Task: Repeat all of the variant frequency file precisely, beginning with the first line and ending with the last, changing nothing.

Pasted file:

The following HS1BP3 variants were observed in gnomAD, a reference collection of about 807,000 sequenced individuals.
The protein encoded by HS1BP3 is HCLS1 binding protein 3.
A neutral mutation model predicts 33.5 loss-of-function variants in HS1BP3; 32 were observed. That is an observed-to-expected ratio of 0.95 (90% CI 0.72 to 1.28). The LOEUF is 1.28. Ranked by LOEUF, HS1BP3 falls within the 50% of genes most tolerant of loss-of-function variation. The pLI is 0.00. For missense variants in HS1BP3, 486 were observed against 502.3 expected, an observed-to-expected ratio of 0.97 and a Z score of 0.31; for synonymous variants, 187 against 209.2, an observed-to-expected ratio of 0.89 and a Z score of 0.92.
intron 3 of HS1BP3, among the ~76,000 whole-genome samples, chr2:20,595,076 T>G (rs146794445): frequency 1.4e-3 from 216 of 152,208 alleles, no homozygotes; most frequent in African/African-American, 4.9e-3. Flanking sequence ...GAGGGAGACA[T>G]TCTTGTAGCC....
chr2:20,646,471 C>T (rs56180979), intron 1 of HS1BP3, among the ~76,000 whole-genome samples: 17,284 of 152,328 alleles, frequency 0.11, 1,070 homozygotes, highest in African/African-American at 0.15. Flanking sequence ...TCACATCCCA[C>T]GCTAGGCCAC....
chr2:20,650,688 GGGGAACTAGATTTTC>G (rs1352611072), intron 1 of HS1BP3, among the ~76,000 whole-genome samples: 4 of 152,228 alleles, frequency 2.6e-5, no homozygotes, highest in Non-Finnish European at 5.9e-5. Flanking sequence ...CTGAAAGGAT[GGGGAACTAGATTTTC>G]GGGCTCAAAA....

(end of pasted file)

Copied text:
The following HS1BP3 variants were observed in gnomAD, a reference collection of about 807,000 sequenced individuals.
The protein encoded by HS1BP3 is HCLS1 binding protein 3.
A neutral mutation model predicts 33.5 loss-of-function variants in HS1BP3; 32 were observed. That is an observed-to-expected ratio of 0.95 (90% CI 0.72 to 1.28). The LOEUF is 1.28. Ranked by LOEUF, HS1BP3 falls within the 50% of genes most tolerant of loss-of-function variation. The pLI is 0.00. For missense variants in HS1BP3, 486 were observed against 502.3 expected, an observed-to-expected ratio of 0.97 and a Z score of 0.31; for synonymous variants, 187 against 209.2, an observed-to-expected ratio of 0.89 and a Z score of 0.92.
intron 3 of HS1BP3, among the ~76,000 whole-genome samples, chr2:20,595,076 T>G (rs146794445): frequency 1.4e-3 from 216 of 152,208 alleles, no homozygotes; most frequent in African/African-American, 4.9e-3. Flanking sequence ...GAGGGAGACA[T>G]TCTTGTAGCC....
chr2:20,646,471 C>T (rs56180979), intron 1 of HS1BP3, among the ~76,000 whole-genome samples: 17,284 of 152,328 alleles, frequency 0.11, 1,070 homozygotes, highest in African/African-American at 0.15. Flanking sequence ...TCACATCCCA[C>T]GCTAGGCCAC....
chr2:20,650,688 GGGGAACTAGATTTTC>G (rs1352611072), intron 1 of HS1BP3, among the ~76,000 whole-genome samples: 4 of 152,228 alleles, frequency 2.6e-5, no homozygotes, highest in Non-Finnish European at 5.9e-5. Flanking sequence ...CTGAAAGGAT[GGGGAACTAGATTTTC>G]GGGCTCAAAA....